According to the Labor Department’s report on Thursday, initial jobless claims jumped by 70,000 to a seasonally adjusted 281,000 for the week ended March 14. That means the number of Americans filing new claims for unemployment benefits reached its highest level in two and a half years, around the time when a series of hurricanes battered the United States in the span of weeks.
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In a statement, the Labor Department said that last week’s sudden increase in benefit applications was “clearly attributable to impacts from the COVID-19 virus,” which has so far sickened more than 9,400 people and killed at least 150 in the U.S.
“A number of states specifically cited COVID-19 related layoffs, while many states reported increased layoffs in service-related industries broadly and in the accommodation and food services industries specifically,” the release added, “as well as in the transportation and warehousing industry, whether COVID-19 was identified directly or not.”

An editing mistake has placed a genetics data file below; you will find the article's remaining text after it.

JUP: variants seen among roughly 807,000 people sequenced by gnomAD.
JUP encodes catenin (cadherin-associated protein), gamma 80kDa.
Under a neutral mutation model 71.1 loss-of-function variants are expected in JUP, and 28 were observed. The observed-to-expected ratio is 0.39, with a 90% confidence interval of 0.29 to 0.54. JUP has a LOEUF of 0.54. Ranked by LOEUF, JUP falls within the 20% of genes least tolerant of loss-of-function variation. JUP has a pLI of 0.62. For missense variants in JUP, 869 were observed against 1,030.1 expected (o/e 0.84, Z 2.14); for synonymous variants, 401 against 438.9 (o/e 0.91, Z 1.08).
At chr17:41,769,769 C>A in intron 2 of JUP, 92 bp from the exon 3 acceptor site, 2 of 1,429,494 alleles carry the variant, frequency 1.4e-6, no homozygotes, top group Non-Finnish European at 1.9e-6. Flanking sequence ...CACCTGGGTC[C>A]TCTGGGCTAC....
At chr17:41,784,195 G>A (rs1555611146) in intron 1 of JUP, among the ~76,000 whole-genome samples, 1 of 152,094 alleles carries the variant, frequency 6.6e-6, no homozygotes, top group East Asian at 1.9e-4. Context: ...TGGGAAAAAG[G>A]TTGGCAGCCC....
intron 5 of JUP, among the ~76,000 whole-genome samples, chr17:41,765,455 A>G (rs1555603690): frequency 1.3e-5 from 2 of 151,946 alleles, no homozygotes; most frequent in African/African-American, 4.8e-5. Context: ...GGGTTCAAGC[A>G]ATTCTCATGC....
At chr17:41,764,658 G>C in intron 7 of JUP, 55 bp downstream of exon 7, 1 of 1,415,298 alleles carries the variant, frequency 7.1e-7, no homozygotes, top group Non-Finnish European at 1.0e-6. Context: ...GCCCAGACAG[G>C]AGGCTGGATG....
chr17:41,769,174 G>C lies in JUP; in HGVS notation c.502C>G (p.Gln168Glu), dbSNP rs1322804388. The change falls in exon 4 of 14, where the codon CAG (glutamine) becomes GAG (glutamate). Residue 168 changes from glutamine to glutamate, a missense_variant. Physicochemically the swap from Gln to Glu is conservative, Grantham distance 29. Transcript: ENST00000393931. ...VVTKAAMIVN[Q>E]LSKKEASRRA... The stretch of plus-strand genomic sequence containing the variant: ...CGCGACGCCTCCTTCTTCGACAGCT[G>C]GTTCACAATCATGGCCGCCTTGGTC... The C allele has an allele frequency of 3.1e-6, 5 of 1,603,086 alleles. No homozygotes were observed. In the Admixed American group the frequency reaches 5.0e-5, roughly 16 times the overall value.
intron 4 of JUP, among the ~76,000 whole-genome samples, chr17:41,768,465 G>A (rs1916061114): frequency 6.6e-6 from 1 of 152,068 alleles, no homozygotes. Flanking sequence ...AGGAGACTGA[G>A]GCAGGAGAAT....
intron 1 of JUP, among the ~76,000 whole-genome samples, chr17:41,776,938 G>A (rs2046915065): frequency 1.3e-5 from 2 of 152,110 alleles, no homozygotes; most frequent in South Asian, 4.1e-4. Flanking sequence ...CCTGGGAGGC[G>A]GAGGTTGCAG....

Before the outbreak, the job market appeared to be on solid footing: Unemployment claims had hovered between about 210,000 and 230,000 a week, but economists are now forecasting a surge in layoffs as many state and local governments have forced temporary closures or significantly reduced operating hours in a variety of industries, from food and beverage to footwear and apparel retail. A number of brands and retailers, from sportswear giant Nike and the Macy’s department store chain to clog maker Crocs, have assured employees that they will be compensated, and in some cases, receive benefits despite such closures.
Yesterday, the Senate passed a multibillion-dollar emergency package that boosts unemployment insurance and guarantees free testing for COVID-19 for Americans. The measure follows congressional approval of a sweeping $8.3 billion spending bill to support preventative efforts and medical research. An additional $1 trillion stimulus package, proposed by the Donald Trump administration on Tuesday, would include $50 billion for the hard-hit airline industry and a small business interruption loan scheme as well as two rounds of direct-check payments to Americans worth up to $500 billion.
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